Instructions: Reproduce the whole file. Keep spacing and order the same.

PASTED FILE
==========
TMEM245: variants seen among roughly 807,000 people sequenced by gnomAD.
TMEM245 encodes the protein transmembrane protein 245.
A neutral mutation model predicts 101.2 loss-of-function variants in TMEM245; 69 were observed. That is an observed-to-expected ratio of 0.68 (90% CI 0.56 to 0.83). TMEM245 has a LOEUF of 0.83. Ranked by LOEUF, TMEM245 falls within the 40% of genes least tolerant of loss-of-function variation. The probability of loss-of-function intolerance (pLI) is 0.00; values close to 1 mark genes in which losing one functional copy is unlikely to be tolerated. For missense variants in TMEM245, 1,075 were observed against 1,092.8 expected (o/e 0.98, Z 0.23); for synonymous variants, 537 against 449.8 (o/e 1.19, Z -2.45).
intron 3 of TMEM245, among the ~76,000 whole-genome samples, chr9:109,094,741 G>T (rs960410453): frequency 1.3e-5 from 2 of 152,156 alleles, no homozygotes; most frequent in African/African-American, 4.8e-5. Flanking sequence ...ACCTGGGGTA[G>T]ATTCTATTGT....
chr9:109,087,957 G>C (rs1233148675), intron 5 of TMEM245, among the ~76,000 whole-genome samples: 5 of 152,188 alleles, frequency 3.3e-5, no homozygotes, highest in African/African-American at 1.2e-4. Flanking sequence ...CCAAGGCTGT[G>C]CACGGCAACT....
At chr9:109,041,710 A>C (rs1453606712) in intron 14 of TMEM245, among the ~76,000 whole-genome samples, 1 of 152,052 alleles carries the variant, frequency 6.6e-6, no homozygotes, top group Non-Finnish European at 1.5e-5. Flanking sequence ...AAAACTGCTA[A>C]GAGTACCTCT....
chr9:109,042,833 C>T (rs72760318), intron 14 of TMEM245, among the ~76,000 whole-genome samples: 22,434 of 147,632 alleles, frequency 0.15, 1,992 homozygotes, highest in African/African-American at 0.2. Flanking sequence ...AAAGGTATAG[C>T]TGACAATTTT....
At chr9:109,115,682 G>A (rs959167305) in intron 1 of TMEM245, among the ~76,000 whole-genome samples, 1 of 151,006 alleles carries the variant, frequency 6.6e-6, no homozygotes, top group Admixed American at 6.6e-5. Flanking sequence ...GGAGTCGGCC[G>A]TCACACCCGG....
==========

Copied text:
TMEM245: variants seen among roughly 807,000 people sequenced by gnomAD.
TMEM245 encodes the protein transmembrane protein 245.
A neutral mutation model predicts 101.2 loss-of-function variants in TMEM245; 69 were observed. That is an observed-to-expected ratio of 0.68 (90% CI 0.56 to 0.83). TMEM245 has a LOEUF of 0.83. Ranked by LOEUF, TMEM245 falls within the 40% of genes least tolerant of loss-of-function variation. The probability of loss-of-function intolerance (pLI) is 0.00; values close to 1 mark genes in which losing one functional copy is unlikely to be tolerated. For missense variants in TMEM245, 1,075 were observed against 1,092.8 expected (o/e 0.98, Z 0.23); for synonymous variants, 537 against 449.8 (o/e 1.19, Z -2.45).
intron 3 of TMEM245, among the ~76,000 whole-genome samples, chr9:109,094,741 G>T (rs960410453): frequency 1.3e-5 from 2 of 152,156 alleles, no homozygotes; most frequent in African/African-American, 4.8e-5. Flanking sequence ...ACCTGGGGTA[G>T]ATTCTATTGT....
chr9:109,087,957 G>C (rs1233148675), intron 5 of TMEM245, among the ~76,000 whole-genome samples: 5 of 152,188 alleles, frequency 3.3e-5, no homozygotes, highest in African/African-American at 1.2e-4. Flanking sequence ...CCAAGGCTGT[G>C]CACGGCAACT....
At chr9:109,041,710 A>C (rs1453606712) in intron 14 of TMEM245, among the ~76,000 whole-genome samples, 1 of 152,052 alleles carries the variant, frequency 6.6e-6, no homozygotes, top group Non-Finnish European at 1.5e-5. Flanking sequence ...AAAACTGCTA[A>C]GAGTACCTCT....
chr9:109,042,833 C>T (rs72760318), intron 14 of TMEM245, among the ~76,000 whole-genome samples: 22,434 of 147,632 alleles, frequency 0.15, 1,992 homozygotes, highest in African/African-American at 0.2. Flanking sequence ...AAAGGTATAG[C>T]TGACAATTTT....
At chr9:109,115,682 G>A (rs959167305) in intron 1 of TMEM245, among the ~76,000 whole-genome samples, 1 of 151,006 alleles carries the variant, frequency 6.6e-6, no homozygotes, top group Admixed American at 6.6e-5. Flanking sequence ...GGAGTCGGCC[G>A]TCACACCCGG....